Provided warmth and moisture, sweet potato vine is a low-maintenance, vigorous plant. In fact, the most common challenge gardeners experience with this plant is controlling its rampant growth. In containers, it spills over the sides, making a beautiful trailing plant, but it can overtake other plants growing in the container. Cut sweet potato vine back as needed to control its growth. To grow sweet potato vine in the ground, amend the soil with compost or manure to ensure good drainage. Plant the vines 1 foot apart in full sun or partial shade. You probably won’t need to provide additional fertilizer for sweet potato vines, unless growth slows and the leaves appear pale in color. Then offer an all-purpose fertilizer, according to package directions.
Sweet potato vine suffers few insect or disease pests, although it is susceptible to rust and wilt. Make sure the soil drains well and avoid getting the leaves wet. Remove any diseased portions and discard.
‘Margarita’ has chartreuse-green leaves that appear paler in shade. It grows 6 to 12 inches high and spreads 1 to 3 feet. ‘Margarita’ is among the most heat-tolerant of the sweet potato vines, but needs consistent moisture.
‘Blackie’ has large, heart-shaped leaves that come in purple to almost black. Grow ‘Blackie’ in full sun and provide consistently moist soil.
‘Pink Frost’ is an extraordinary plant. The leaves are variegated white and green and edged in pink. The plant is especially fast growing and spreads up to 6 feet in one season. It tolerates partial shade.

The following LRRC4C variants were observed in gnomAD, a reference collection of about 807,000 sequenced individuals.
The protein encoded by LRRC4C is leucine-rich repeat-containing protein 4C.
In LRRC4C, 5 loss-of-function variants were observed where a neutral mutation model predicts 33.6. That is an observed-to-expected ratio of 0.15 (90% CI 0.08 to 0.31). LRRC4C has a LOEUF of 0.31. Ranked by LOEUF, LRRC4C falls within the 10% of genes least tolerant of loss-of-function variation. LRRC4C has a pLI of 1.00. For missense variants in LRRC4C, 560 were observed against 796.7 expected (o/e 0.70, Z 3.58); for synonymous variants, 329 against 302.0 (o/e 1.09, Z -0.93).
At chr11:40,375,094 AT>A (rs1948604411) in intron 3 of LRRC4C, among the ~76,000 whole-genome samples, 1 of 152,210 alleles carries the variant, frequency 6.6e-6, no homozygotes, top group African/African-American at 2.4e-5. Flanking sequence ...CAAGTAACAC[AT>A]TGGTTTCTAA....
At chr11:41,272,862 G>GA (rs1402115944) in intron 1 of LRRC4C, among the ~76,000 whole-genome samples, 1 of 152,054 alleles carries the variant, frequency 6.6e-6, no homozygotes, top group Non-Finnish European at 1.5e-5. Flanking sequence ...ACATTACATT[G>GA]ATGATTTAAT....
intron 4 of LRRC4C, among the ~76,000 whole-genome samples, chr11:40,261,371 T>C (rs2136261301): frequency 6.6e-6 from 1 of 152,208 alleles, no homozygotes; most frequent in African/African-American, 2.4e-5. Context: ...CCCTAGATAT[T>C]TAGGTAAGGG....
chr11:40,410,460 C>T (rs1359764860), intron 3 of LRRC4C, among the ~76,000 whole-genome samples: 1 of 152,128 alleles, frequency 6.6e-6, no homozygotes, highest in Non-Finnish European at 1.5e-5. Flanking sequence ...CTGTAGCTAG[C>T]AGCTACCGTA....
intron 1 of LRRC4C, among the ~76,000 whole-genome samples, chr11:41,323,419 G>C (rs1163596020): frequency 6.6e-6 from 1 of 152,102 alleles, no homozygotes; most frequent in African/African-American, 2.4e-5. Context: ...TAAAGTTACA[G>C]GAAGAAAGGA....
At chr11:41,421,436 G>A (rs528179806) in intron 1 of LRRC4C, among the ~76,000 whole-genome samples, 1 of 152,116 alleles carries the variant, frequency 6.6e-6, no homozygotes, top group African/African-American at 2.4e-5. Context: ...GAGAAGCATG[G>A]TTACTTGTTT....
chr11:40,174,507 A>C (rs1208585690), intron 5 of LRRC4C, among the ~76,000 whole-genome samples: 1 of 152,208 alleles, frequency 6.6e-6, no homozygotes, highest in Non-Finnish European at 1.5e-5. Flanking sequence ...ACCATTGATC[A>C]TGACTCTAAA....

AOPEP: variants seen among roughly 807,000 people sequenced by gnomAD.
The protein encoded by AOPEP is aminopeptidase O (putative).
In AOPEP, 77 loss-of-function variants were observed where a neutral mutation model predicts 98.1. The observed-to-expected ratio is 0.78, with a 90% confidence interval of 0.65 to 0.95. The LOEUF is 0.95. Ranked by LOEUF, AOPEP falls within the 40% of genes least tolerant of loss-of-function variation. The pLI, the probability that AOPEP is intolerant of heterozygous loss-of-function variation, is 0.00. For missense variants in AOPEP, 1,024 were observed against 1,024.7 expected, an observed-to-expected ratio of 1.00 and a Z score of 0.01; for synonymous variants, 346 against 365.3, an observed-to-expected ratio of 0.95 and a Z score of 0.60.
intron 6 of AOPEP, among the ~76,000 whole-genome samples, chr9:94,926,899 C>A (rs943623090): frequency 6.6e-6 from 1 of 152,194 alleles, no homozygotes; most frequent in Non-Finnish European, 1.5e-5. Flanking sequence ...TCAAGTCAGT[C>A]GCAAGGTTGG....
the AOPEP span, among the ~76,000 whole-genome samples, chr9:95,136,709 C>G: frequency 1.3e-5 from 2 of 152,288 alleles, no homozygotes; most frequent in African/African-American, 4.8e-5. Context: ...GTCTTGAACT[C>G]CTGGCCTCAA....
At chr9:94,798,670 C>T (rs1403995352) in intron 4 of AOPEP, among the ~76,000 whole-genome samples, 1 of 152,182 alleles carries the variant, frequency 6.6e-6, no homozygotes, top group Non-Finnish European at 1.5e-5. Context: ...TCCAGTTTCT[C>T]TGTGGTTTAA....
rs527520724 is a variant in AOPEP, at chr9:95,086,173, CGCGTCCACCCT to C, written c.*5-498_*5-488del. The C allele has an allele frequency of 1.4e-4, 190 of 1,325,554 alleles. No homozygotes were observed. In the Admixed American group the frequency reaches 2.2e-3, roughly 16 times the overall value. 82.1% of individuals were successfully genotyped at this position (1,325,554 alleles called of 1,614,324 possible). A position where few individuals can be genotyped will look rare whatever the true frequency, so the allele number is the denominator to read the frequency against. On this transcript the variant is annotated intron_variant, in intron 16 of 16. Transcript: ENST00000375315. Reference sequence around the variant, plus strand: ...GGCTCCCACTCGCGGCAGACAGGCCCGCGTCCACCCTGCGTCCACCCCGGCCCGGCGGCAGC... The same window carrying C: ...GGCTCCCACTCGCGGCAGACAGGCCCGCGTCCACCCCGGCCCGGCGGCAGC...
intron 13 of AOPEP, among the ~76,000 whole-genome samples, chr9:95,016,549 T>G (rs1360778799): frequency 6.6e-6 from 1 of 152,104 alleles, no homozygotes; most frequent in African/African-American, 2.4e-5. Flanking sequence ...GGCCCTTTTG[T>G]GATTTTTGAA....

Common Questions and Answers
by Erin Marissa Russell
Can I eat sweet potato vines?
Yes, the leaves of your sweet potato vine are edible, but only if your plant is an edible and not an ornamental variety. Although the leaves of sweet potato vines are not poisonous to humans like they are to dogs and cats, consumption is not particularly enjoyable or recommended if your plant is an ornamental. The young leaves of edible varieties of sweet potato vine are a delicacy high in antioxidants, but ornamental varieties have been bred for their looks instead of for their taste. Even the tubers of ornamentals are smaller than edible potatoes, and they have a bitter flavor.
The leaves of edible sweet potato plants are best eaten raw when they’re young and fresh, though more mature leaves can be enjoyed if prepared properly. You can chop the tender young leaves and use them in salads. More developed leaves can be sauteed with garlic in olive oil or butter or used in a stir-fry. Truly mature leaves can be utilized wherever you’d normally use spinach—in dishes like palak paneer or cheesy creamed spinach.
To keep your plant healthy, only remove 20 or 30 percent of its leaves, and wait 80 days after planting to begin harvesting. Alternatively, you can do succession planting and start a few new plants once a week. Then you can harvest the whole vine, trimming back to just a few inches, once it has grown to three feet long.
Can I grow sweet potatoes on a trellis?